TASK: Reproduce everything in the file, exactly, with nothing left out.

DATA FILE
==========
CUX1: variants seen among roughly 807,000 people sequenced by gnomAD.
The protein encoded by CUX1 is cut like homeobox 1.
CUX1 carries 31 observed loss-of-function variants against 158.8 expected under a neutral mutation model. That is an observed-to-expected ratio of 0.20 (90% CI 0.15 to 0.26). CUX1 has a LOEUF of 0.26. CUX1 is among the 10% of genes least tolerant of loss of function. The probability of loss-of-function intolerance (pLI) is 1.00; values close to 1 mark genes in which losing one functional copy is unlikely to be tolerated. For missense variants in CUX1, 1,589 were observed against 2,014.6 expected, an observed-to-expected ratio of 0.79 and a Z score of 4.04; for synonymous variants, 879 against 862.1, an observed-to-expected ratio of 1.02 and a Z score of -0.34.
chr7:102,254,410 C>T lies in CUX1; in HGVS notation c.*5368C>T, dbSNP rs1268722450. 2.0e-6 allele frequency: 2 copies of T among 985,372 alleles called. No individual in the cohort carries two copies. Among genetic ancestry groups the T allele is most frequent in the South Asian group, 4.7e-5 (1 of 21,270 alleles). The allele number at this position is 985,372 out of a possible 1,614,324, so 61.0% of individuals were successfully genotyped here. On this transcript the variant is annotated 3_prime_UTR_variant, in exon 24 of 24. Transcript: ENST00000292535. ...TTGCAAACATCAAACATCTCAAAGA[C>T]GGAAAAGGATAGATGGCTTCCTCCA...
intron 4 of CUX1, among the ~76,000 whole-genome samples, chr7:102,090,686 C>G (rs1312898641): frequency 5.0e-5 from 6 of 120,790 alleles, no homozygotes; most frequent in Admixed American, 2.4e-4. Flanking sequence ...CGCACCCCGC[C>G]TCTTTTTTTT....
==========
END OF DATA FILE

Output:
CUX1: variants seen among roughly 807,000 people sequenced by gnomAD.
The protein encoded by CUX1 is cut like homeobox 1.
CUX1 carries 31 observed loss-of-function variants against 158.8 expected under a neutral mutation model. That is an observed-to-expected ratio of 0.20 (90% CI 0.15 to 0.26). CUX1 has a LOEUF of 0.26. CUX1 is among the 10% of genes least tolerant of loss of function. The probability of loss-of-function intolerance (pLI) is 1.00; values close to 1 mark genes in which losing one functional copy is unlikely to be tolerated. For missense variants in CUX1, 1,589 were observed against 2,014.6 expected, an observed-to-expected ratio of 0.79 and a Z score of 4.04; for synonymous variants, 879 against 862.1, an observed-to-expected ratio of 1.02 and a Z score of -0.34.
chr7:102,254,410 C>T lies in CUX1; in HGVS notation c.*5368C>T, dbSNP rs1268722450. 2.0e-6 allele frequency: 2 copies of T among 985,372 alleles called. No individual in the cohort carries two copies. Among genetic ancestry groups the T allele is most frequent in the South Asian group, 4.7e-5 (1 of 21,270 alleles). The allele number at this position is 985,372 out of a possible 1,614,324, so 61.0% of individuals were successfully genotyped here. On this transcript the variant is annotated 3_prime_UTR_variant, in exon 24 of 24. Transcript: ENST00000292535. ...TTGCAAACATCAAACATCTCAAAGA[C>T]GGAAAAGGATAGATGGCTTCCTCCA...
intron 4 of CUX1, among the ~76,000 whole-genome samples, chr7:102,090,686 C>G (rs1312898641): frequency 5.0e-5 from 6 of 120,790 alleles, no homozygotes; most frequent in Admixed American, 2.4e-4. Flanking sequence ...CGCACCCCGC[C>G]TCTTTTTTTT....